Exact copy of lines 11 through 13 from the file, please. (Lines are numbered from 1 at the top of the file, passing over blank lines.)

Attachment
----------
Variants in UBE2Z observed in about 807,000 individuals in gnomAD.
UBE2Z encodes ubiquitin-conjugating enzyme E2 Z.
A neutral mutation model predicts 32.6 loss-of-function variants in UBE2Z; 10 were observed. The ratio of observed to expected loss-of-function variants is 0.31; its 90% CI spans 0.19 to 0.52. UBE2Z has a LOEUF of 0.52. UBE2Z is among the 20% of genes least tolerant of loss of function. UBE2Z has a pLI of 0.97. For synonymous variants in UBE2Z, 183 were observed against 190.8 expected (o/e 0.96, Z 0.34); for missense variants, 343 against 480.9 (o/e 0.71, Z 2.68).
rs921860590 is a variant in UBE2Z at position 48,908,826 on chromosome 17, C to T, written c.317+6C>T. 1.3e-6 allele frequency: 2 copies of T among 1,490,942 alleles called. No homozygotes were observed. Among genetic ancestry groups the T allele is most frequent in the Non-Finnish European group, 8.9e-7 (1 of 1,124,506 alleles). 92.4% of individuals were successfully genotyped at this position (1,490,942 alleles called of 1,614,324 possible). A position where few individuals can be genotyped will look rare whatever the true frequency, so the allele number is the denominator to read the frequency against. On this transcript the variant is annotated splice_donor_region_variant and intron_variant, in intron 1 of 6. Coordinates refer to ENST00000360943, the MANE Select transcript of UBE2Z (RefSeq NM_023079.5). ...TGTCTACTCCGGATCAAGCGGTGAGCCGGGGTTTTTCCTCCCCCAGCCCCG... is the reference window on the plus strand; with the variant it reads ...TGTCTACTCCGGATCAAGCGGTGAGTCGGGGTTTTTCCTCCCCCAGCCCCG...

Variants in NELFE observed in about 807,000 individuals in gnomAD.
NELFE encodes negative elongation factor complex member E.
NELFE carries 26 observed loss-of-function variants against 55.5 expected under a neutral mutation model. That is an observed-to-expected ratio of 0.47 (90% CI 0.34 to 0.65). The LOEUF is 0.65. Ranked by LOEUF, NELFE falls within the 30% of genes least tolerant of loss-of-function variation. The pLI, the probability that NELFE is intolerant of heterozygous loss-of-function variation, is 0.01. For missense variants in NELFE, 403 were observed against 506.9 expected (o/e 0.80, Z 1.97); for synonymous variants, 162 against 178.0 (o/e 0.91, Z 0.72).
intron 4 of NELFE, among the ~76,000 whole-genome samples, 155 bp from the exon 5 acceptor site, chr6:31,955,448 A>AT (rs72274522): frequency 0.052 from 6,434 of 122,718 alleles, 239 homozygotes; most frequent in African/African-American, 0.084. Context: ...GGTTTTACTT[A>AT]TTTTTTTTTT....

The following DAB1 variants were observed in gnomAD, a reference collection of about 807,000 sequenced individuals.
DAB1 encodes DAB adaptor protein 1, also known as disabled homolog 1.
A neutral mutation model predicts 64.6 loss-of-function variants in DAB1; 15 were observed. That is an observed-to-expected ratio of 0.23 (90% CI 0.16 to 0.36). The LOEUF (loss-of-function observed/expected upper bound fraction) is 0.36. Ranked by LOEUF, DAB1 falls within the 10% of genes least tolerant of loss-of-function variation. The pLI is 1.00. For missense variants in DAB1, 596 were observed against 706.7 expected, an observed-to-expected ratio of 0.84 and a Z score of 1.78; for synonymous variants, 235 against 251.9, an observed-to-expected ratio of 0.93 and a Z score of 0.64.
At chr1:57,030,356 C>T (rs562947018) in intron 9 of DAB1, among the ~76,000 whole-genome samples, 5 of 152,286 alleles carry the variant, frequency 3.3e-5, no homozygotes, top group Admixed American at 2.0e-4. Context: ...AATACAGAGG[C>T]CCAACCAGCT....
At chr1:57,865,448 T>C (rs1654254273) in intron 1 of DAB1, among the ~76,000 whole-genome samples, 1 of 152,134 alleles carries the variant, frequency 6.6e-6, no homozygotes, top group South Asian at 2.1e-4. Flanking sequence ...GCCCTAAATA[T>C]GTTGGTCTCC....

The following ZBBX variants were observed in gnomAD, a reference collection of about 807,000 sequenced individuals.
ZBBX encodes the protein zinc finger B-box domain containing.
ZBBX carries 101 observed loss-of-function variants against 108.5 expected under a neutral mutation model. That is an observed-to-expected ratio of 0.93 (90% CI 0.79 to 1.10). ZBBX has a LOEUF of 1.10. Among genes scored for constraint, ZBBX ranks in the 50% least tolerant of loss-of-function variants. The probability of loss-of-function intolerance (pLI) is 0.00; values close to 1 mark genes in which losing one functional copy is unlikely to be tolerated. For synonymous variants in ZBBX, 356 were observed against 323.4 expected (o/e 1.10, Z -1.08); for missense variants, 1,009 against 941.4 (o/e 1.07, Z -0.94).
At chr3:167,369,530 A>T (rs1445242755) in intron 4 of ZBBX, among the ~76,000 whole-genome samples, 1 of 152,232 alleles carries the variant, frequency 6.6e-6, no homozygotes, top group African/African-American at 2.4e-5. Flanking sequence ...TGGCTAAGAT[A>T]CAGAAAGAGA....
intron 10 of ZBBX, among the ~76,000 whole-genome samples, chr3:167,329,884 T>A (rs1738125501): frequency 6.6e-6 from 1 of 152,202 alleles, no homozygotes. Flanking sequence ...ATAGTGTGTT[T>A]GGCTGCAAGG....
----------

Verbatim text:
A neutral mutation model predicts 64.6 loss-of-function variants in DAB1; 15 were observed. That is an observed-to-expected ratio of 0.23 (90% CI 0.16 to 0.36). The LOEUF (loss-of-function observed/expected upper bound fraction) is 0.36. Ranked by LOEUF, DAB1 falls within the 10% of genes least tolerant of loss-of-function variation. The pLI is 1.00. For missense variants in DAB1, 596 were observed against 706.7 expected, an observed-to-expected ratio of 0.84 and a Z score of 1.78; for synonymous variants, 235 against 251.9, an observed-to-expected ratio of 0.93 and a Z score of 0.64.
At chr1:57,030,356 C>T (rs562947018) in intron 9 of DAB1, among the ~76,000 whole-genome samples, 5 of 152,286 alleles carry the variant, frequency 3.3e-5, no homozygotes, top group Admixed American at 2.0e-4. Context: ...AATACAGAGG[C>T]CCAACCAGCT....
At chr1:57,865,448 T>C (rs1654254273) in intron 1 of DAB1, among the ~76,000 whole-genome samples, 1 of 152,134 alleles carries the variant, frequency 6.6e-6, no homozygotes, top group South Asian at 2.1e-4. Flanking sequence ...GCCCTAAATA[T>C]GTTGGTCTCC....